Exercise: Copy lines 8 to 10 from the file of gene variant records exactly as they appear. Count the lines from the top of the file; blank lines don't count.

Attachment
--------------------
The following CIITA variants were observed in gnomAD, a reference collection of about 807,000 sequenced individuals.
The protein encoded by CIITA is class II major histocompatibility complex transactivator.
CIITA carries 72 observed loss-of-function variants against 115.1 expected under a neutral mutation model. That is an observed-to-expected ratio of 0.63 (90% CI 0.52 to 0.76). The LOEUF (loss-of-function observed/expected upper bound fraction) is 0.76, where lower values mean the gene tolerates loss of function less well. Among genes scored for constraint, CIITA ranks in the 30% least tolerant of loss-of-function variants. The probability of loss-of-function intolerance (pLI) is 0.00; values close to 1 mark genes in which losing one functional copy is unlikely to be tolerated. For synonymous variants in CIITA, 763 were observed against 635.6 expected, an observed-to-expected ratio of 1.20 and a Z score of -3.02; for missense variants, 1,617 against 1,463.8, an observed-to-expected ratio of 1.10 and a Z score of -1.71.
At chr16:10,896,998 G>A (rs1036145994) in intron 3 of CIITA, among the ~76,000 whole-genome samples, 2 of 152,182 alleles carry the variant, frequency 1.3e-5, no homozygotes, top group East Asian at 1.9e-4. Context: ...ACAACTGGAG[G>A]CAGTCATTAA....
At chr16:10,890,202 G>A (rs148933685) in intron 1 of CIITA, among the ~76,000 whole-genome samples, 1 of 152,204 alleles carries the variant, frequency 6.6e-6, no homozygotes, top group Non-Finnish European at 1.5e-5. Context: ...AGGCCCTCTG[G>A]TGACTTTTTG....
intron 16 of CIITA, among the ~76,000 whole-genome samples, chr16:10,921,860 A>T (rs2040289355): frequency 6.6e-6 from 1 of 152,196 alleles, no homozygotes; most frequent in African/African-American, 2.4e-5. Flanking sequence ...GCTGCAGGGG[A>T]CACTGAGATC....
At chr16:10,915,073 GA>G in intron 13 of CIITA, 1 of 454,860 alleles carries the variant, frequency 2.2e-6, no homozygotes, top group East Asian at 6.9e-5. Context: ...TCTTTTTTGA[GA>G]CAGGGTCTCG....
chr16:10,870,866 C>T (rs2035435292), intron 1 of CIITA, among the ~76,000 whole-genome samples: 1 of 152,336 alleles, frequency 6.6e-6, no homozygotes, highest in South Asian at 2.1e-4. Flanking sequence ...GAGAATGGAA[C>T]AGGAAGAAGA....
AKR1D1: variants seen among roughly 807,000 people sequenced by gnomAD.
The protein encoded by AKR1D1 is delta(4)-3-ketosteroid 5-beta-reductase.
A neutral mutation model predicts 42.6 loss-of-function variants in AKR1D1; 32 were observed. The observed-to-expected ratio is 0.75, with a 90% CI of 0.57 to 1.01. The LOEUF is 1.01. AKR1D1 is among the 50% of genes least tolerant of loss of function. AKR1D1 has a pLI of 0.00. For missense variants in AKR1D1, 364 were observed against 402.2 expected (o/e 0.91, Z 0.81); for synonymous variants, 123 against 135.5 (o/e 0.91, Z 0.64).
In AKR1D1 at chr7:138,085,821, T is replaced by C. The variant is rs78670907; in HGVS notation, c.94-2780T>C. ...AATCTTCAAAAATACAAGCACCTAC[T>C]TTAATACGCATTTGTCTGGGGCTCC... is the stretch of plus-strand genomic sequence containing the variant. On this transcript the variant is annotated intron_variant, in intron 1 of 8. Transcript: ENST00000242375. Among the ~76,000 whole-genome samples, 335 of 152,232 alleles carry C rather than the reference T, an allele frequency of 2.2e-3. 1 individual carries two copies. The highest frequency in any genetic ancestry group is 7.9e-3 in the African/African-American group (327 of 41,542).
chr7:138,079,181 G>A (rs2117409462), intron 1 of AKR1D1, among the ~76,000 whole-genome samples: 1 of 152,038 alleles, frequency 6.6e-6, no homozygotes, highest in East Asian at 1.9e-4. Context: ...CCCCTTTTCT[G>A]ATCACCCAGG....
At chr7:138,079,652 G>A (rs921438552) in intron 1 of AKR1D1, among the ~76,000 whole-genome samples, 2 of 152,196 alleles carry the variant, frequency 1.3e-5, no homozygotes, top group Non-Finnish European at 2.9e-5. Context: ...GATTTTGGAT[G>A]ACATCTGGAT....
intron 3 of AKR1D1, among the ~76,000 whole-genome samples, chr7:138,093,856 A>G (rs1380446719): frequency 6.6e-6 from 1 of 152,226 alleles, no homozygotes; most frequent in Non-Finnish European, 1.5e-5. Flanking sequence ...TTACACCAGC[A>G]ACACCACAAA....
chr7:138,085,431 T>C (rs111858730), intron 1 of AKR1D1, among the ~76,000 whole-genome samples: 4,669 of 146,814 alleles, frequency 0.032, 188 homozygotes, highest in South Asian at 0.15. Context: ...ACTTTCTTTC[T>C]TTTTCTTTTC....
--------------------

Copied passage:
chr16:10,870,866 C>T (rs2035435292), intron 1 of CIITA, among the ~76,000 whole-genome samples: 1 of 152,336 alleles, frequency 6.6e-6, no homozygotes, highest in South Asian at 2.1e-4. Flanking sequence ...GAGAATGGAA[C>T]AGGAAGAAGA....
AKR1D1: variants seen among roughly 807,000 people sequenced by gnomAD.
The protein encoded by AKR1D1 is delta(4)-3-ketosteroid 5-beta-reductase.